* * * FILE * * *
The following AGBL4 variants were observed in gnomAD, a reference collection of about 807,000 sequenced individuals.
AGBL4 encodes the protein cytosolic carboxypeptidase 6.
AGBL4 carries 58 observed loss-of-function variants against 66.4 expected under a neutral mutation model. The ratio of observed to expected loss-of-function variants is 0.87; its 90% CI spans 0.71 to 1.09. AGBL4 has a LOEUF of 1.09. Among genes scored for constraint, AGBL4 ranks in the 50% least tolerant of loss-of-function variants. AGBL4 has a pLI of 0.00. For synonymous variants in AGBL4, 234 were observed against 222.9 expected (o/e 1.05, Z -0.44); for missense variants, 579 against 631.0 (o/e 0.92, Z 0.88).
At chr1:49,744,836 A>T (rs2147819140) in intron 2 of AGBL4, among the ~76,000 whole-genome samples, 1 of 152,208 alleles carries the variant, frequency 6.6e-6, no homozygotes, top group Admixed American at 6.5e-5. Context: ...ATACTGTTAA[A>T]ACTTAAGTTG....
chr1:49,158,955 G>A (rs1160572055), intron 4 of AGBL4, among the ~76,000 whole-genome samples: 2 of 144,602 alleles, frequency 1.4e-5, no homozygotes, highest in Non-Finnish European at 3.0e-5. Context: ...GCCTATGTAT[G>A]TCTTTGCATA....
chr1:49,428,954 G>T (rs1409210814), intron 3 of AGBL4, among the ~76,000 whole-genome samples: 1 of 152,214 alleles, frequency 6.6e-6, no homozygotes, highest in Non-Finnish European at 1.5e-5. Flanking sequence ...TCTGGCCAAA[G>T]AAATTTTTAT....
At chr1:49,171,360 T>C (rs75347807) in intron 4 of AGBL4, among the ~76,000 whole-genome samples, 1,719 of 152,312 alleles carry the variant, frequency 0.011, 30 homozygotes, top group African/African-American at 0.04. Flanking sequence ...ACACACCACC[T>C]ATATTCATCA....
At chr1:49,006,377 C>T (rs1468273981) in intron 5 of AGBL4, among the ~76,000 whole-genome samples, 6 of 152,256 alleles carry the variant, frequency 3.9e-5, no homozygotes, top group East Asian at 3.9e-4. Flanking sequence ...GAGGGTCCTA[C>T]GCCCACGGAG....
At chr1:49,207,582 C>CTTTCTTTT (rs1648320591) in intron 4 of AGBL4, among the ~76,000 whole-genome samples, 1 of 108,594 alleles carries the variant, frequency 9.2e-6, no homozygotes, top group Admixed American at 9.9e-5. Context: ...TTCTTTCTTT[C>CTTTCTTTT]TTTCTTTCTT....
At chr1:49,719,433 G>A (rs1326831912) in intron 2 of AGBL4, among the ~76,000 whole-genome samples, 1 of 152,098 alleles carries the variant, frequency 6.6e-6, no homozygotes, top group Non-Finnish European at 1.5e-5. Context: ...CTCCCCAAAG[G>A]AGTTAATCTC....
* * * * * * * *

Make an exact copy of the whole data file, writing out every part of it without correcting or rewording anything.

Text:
The following AGBL4 variants were observed in gnomAD, a reference collection of about 807,000 sequenced individuals.
AGBL4 encodes the protein cytosolic carboxypeptidase 6.
AGBL4 carries 58 observed loss-of-function variants against 66.4 expected under a neutral mutation model. The ratio of observed to expected loss-of-function variants is 0.87; its 90% CI spans 0.71 to 1.09. AGBL4 has a LOEUF of 1.09. Among genes scored for constraint, AGBL4 ranks in the 50% least tolerant of loss-of-function variants. AGBL4 has a pLI of 0.00. For synonymous variants in AGBL4, 234 were observed against 222.9 expected (o/e 1.05, Z -0.44); for missense variants, 579 against 631.0 (o/e 0.92, Z 0.88).
At chr1:49,744,836 A>T (rs2147819140) in intron 2 of AGBL4, among the ~76,000 whole-genome samples, 1 of 152,208 alleles carries the variant, frequency 6.6e-6, no homozygotes, top group Admixed American at 6.5e-5. Context: ...ATACTGTTAA[A>T]ACTTAAGTTG....
chr1:49,158,955 G>A (rs1160572055), intron 4 of AGBL4, among the ~76,000 whole-genome samples: 2 of 144,602 alleles, frequency 1.4e-5, no homozygotes, highest in Non-Finnish European at 3.0e-5. Context: ...GCCTATGTAT[G>A]TCTTTGCATA....
chr1:49,428,954 G>T (rs1409210814), intron 3 of AGBL4, among the ~76,000 whole-genome samples: 1 of 152,214 alleles, frequency 6.6e-6, no homozygotes, highest in Non-Finnish European at 1.5e-5. Flanking sequence ...TCTGGCCAAA[G>T]AAATTTTTAT....
At chr1:49,171,360 T>C (rs75347807) in intron 4 of AGBL4, among the ~76,000 whole-genome samples, 1,719 of 152,312 alleles carry the variant, frequency 0.011, 30 homozygotes, top group African/African-American at 0.04. Flanking sequence ...ACACACCACC[T>C]ATATTCATCA....
At chr1:49,006,377 C>T (rs1468273981) in intron 5 of AGBL4, among the ~76,000 whole-genome samples, 6 of 152,256 alleles carry the variant, frequency 3.9e-5, no homozygotes, top group East Asian at 3.9e-4. Flanking sequence ...GAGGGTCCTA[C>T]GCCCACGGAG....
At chr1:49,207,582 C>CTTTCTTTT (rs1648320591) in intron 4 of AGBL4, among the ~76,000 whole-genome samples, 1 of 108,594 alleles carries the variant, frequency 9.2e-6, no homozygotes, top group Admixed American at 9.9e-5. Context: ...TTCTTTCTTT[C>CTTTCTTTT]TTTCTTTCTT....
At chr1:49,719,433 G>A (rs1326831912) in intron 2 of AGBL4, among the ~76,000 whole-genome samples, 1 of 152,098 alleles carries the variant, frequency 6.6e-6, no homozygotes, top group Non-Finnish European at 1.5e-5. Context: ...CTCCCCAAAG[G>A]AGTTAATCTC....